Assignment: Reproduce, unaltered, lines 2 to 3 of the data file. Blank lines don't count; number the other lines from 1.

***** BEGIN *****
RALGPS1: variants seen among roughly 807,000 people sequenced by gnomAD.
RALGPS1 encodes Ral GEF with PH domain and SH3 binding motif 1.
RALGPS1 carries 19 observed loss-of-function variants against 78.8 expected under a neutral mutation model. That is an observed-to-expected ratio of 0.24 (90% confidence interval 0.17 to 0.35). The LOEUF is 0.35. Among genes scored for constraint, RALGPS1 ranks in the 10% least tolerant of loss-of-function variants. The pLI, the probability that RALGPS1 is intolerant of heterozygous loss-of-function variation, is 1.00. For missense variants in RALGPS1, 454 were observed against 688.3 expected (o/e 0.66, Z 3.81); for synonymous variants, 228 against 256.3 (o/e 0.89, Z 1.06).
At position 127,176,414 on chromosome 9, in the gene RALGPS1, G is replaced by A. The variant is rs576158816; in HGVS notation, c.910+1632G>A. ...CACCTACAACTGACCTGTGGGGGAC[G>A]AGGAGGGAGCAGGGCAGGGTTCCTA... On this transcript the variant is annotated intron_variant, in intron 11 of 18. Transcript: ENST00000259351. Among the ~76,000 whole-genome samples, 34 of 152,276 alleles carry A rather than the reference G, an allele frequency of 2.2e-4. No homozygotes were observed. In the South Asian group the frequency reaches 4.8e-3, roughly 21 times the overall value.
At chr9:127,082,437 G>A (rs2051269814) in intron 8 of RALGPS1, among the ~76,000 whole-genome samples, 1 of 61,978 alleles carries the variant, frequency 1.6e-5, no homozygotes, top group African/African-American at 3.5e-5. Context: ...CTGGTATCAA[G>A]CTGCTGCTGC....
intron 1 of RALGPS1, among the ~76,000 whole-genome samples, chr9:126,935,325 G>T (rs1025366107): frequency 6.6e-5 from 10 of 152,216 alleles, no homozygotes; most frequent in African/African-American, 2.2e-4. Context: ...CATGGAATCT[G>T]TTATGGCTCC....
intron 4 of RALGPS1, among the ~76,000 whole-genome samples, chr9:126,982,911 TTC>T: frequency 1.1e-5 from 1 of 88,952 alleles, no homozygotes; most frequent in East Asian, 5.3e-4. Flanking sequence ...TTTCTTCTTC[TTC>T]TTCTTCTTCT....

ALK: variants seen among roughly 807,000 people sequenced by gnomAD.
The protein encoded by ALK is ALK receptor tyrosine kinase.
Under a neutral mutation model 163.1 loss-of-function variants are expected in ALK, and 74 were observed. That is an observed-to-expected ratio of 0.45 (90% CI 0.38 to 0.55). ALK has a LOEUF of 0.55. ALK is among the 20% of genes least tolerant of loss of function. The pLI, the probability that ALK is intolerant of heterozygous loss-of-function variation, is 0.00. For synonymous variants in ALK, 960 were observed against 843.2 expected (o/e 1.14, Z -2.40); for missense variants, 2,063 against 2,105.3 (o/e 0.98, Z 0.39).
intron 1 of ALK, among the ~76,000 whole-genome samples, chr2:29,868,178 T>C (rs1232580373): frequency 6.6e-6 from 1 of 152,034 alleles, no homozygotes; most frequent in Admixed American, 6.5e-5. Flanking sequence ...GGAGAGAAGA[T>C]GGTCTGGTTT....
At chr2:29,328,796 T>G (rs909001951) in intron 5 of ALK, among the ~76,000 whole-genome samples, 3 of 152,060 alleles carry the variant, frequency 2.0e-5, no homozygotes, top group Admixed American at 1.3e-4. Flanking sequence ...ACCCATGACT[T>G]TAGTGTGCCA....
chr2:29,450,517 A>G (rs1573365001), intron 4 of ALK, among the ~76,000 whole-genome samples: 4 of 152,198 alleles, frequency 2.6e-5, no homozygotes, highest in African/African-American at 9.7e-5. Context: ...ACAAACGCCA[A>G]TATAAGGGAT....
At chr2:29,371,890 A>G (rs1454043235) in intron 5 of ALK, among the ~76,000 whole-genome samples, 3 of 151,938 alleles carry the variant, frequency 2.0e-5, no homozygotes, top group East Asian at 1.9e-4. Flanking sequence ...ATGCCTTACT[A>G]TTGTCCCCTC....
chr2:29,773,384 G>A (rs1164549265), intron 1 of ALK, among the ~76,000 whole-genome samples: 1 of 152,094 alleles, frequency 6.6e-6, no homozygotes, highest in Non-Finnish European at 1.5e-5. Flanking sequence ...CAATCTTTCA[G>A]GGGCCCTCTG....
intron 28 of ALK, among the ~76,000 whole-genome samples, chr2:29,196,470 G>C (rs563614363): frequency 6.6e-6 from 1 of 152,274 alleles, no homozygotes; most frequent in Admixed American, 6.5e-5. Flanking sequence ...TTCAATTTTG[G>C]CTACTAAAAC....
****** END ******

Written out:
RALGPS1 encodes Ral GEF with PH domain and SH3 binding motif 1.
RALGPS1 carries 19 observed loss-of-function variants against 78.8 expected under a neutral mutation model. That is an observed-to-expected ratio of 0.24 (90% confidence interval 0.17 to 0.35). The LOEUF is 0.35. Among genes scored for constraint, RALGPS1 ranks in the 10% least tolerant of loss-of-function variants. The pLI, the probability that RALGPS1 is intolerant of heterozygous loss-of-function variation, is 1.00. For missense variants in RALGPS1, 454 were observed against 688.3 expected (o/e 0.66, Z 3.81); for synonymous variants, 228 against 256.3 (o/e 0.89, Z 1.06).